I generally did a good job of finding specific evidence for my text-based claimed, framing the argument(s) in Le Guin’s words. Just from a structural level, the first paragraph shows this: my claim is physically framed between two relevant quotes from the text, the first my starting point, the second evidence to support my claim based on that starting point. Throughout the close reading, I continue to use relevant details from the text, rarely making claims without including supporting evidence.

The main problem is that the piece is unfocused. The first point I make—that Le Guin uses asides from the narrator to show how we disregard happiness in favor of pain—would be a perfectly fine thesis, if it went a bit deeper. It’s already well grounded in textual evidence, as indicated above, but needs to add a bit more in terms of interpretation. However, instead of interpreting it, I come up with an entirely new (slightly related) thesis in the next paragraph: that Le Guin uses the child to reveal the “hopelessness and triviality [of] the citizens who remain in Omelas.” While similar, the two claims are not quite the same thing; either would be strengthened by increased focus, and both are weakened by the lack of center revealed so early.

I do get back around to Thesis A, adding the “why-should-I-care” bit: “by ‘glorifying’ [the child’s] pain in the novel…Le Guin shows us how we…also trivialize ourselves by glorifying pain.” That is, the pain in the short story being used as entertainment for us—and that’s an example of the sort of transitional sentence I needed to make clear the connections between both my theses and the why-should-I-care section at the end.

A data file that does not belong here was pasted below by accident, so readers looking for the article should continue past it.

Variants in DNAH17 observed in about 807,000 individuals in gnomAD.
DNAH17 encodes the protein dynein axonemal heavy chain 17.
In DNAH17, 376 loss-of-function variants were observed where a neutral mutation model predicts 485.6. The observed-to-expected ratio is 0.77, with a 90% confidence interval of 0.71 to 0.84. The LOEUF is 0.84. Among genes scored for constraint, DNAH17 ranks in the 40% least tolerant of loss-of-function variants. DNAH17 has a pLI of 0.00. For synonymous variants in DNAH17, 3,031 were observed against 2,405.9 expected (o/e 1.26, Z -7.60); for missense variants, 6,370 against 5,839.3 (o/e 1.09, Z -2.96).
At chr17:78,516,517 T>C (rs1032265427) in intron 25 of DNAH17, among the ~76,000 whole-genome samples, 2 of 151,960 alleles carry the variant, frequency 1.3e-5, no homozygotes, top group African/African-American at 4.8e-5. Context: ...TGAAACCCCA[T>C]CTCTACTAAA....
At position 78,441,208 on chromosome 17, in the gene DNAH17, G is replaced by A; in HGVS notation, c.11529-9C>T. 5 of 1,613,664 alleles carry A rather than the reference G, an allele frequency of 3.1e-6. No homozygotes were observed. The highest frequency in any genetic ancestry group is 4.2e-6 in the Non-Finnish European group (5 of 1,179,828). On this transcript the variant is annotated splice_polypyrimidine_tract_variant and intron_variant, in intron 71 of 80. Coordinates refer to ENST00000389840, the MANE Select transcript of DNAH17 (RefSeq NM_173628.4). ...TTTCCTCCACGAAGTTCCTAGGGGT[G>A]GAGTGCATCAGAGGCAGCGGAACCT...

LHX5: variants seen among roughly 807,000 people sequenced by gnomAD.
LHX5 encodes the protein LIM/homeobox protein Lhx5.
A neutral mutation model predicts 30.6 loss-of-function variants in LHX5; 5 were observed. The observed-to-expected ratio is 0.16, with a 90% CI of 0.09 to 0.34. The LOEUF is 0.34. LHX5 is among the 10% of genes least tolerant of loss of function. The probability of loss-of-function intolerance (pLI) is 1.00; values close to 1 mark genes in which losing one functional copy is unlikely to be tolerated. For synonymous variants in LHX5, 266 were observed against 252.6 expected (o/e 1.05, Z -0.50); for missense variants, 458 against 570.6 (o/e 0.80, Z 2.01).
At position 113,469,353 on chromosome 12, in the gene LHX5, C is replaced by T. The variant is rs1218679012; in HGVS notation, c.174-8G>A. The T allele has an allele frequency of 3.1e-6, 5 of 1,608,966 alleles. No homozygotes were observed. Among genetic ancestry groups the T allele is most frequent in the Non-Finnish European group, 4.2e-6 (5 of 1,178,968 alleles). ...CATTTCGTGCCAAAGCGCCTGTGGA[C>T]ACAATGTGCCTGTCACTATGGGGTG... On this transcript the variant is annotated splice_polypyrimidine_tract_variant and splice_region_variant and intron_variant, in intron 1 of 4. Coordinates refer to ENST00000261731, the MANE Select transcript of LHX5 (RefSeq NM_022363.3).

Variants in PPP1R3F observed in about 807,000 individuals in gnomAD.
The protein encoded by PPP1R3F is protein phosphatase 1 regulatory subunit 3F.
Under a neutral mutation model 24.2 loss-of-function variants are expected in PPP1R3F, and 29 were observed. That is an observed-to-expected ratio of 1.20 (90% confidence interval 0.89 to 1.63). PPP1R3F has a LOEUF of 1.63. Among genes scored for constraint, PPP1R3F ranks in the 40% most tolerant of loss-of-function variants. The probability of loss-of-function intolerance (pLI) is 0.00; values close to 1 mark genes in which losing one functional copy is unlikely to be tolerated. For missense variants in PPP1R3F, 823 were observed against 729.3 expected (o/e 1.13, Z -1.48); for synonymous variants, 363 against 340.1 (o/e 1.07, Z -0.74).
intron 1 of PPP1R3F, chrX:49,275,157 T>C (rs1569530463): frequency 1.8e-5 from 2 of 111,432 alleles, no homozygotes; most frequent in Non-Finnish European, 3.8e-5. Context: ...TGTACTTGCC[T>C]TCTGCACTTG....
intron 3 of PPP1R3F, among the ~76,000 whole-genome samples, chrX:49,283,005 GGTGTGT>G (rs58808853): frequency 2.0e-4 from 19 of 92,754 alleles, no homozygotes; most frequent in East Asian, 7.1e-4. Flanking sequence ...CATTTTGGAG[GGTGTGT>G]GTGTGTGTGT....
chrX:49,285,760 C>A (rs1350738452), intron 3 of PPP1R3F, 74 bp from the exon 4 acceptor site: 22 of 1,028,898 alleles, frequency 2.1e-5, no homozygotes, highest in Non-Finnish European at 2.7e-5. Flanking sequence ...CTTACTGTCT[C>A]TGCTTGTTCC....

Although I did a better job of constructing Thesis B, it runs into much the same problem. The “vague happiness” is contrasted with glorified pain, but what I meant to say was that we become happy upon experiencing others pain, in this case the removed pain of a work of fiction. It’s utterly unclear, and once again an example of a missing necessary transitional sentence that would have allowed readers to follow my train of thought. I also make some accusational claims—“we become trivial ourselves, another faceless cog in the capitalist machine.” I seem to be arguing for something, but I offer no solutions, instead ending on a vague Atlas metaphor. In a piece of this kind, a ‘peace-offering’ type solutions paragraph would go a long way.

Overall, though, I did a decent job exploring Le Guin’s story. The first purpose of a close reading is to cause the writer, i.e. me, to think in a new way, thereby allowing them (me) to offer readers a new thought pattern as well. If readers weren’t turned off by the “faceless cog” jibe, they could potentially think of some more moderate ways we glorify pain, simple changes we could all make, and thus create new solutions based on new ideas, formed collectively—that, ultimately, is the goal of close reading. A clichéd tree metaphor seems appropriate here: beginning with the writer and the story, readers draw their own ideas from words, transforming the knowledge put down by the writer, and in turn transferring their (now written) words to new audiences/readers, who continue the cycle, in a never-ending, growing, living organism of ideas. And of course the writer drew upon the roots of millions of other ideas in the first place, and lives in the dirt comprised, in part, of dead trees.